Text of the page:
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Virginia Journal of Education

Your Classroom

Gauging the Quality of
Professional Development

Every educator—and every school—has a stake in professional development. Here are four important questions about effective continuing education, from the NEA Best Practices Brief, “Professional Community and Professional Development”:

Does it address the school’s goals? A key test of professional development lies in its capacity to mount a strong collective response to schoolwide goals. Some goals arise out of a broad policy agenda affecting all schools – raising the bar of educational achievement for all students and closing the achievement gap. Others arise from interests that go beyond academic achievement, such as fostering students’ social, moral and political development or their self-confidence and autonomy. Finally, each school must be prepared to address issues that reflect its unique circumstances, such as meeting the needs of an influx of new immigrants.

Does it teach to high standards? A second test is whether teachers come to know more over time about their subjects, their students and their practice and to make informed use of what they know. Sound hiring practices are one resource for ensuring teacher quality, but hiring practices are not sufficient. Insights into teacher expertise reveal the complex interplay of knowledge, skill and disposition needed to teach well and the resulting need for continuous teacher learning throughout a career.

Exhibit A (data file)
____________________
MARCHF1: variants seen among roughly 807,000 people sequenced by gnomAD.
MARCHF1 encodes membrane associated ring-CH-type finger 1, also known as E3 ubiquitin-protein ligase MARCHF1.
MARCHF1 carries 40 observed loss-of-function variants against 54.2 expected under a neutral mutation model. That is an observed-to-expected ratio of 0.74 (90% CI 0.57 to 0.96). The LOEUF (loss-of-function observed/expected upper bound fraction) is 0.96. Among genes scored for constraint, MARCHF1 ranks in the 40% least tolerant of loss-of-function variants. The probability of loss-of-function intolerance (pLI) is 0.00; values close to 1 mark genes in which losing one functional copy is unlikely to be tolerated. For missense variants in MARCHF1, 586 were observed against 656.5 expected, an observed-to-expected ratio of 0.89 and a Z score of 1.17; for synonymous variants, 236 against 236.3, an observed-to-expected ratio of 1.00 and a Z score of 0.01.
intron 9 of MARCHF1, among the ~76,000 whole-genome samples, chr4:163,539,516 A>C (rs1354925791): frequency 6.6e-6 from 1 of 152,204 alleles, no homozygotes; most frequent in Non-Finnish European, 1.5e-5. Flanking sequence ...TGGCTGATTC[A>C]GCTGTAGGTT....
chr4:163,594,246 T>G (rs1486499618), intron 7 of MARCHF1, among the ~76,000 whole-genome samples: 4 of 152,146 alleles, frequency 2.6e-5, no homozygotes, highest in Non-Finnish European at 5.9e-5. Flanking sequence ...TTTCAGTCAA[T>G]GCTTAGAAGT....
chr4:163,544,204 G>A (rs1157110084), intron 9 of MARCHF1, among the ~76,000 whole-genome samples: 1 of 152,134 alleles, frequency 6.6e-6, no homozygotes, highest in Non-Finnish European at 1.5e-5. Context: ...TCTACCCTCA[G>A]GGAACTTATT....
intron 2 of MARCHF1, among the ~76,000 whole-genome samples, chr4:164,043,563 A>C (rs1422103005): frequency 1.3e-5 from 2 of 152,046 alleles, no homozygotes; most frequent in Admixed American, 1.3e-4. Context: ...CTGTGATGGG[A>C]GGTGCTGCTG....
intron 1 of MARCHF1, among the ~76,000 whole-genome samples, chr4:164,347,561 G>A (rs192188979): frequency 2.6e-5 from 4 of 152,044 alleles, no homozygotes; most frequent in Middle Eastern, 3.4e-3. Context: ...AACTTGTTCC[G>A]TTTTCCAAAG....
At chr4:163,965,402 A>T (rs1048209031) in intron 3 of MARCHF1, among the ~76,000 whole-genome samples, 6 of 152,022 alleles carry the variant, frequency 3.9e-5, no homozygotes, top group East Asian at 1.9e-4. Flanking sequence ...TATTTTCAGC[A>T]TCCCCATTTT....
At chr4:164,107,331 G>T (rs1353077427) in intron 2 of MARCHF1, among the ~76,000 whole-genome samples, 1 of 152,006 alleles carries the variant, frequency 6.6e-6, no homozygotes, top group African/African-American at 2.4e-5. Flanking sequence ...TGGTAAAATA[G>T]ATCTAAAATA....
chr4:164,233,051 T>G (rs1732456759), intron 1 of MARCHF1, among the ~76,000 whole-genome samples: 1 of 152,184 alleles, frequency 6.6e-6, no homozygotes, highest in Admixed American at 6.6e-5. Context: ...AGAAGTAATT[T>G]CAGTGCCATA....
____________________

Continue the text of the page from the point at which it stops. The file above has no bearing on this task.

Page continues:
Does it cultivate professional community? Professional development might also be judged by its capacity for building (and building on) the structures, values and intellectual and leadership resources of a professional community. In strong professional communities that yield higher levels of student achievement, staff members espouse a shared responsibility for student learning, and they collaborate on instructional improvement.

Does it sustain commitment to teaching? A final test of professional development is whether it sustains teachers’ commitment to teaching by affording them satisfaction, support and stimulation appropriate to their stage of career and by making good use of their expertise and experience.

Amherst Members Launch
Consulting, Resource Firm

More effective parental involvement means better student achievement, and success for all involved in the education of young people. So does improved professional development for educators.

Acting on these facts, three members of the Amherst Education Association have formed a consulting firm called Successful Innovations, Inc. to offer a variety of customized resources, consulting services and technical assistance to schools and school divisions. Darlene Mack, Hilda Stevens and Stefanie Prokity, who among them have more than 50 years of combined (and ongoing) experience in public schools, have pooled their expertise to offer educators models of more effective teaching and present parents and educators with tools to help boost the basic skills of their students.

Successful Innovations can provide on-site workshops, newsletters and several kits of CD and DVD multimedia programs. All resources are available in Spanish versions. To learn more, visit

Recognizing Excellence
in Math and Science

What an Academy Award is to an actor, the Presidential Award for Excellence in Mathematics and Science Teaching is to K-12 math and science teachers—it’s the highest honor there is. The Awards go to outstanding educators for contributions to both the classroom and the profession.

Each year, the President recognizes up to 108 teachers. Since 1983, over 3,900 teachers have been honored.

Awards alternate between elementary and secondary teachers, with secondary teachers eligible in 2009, and are given to teachers in every state.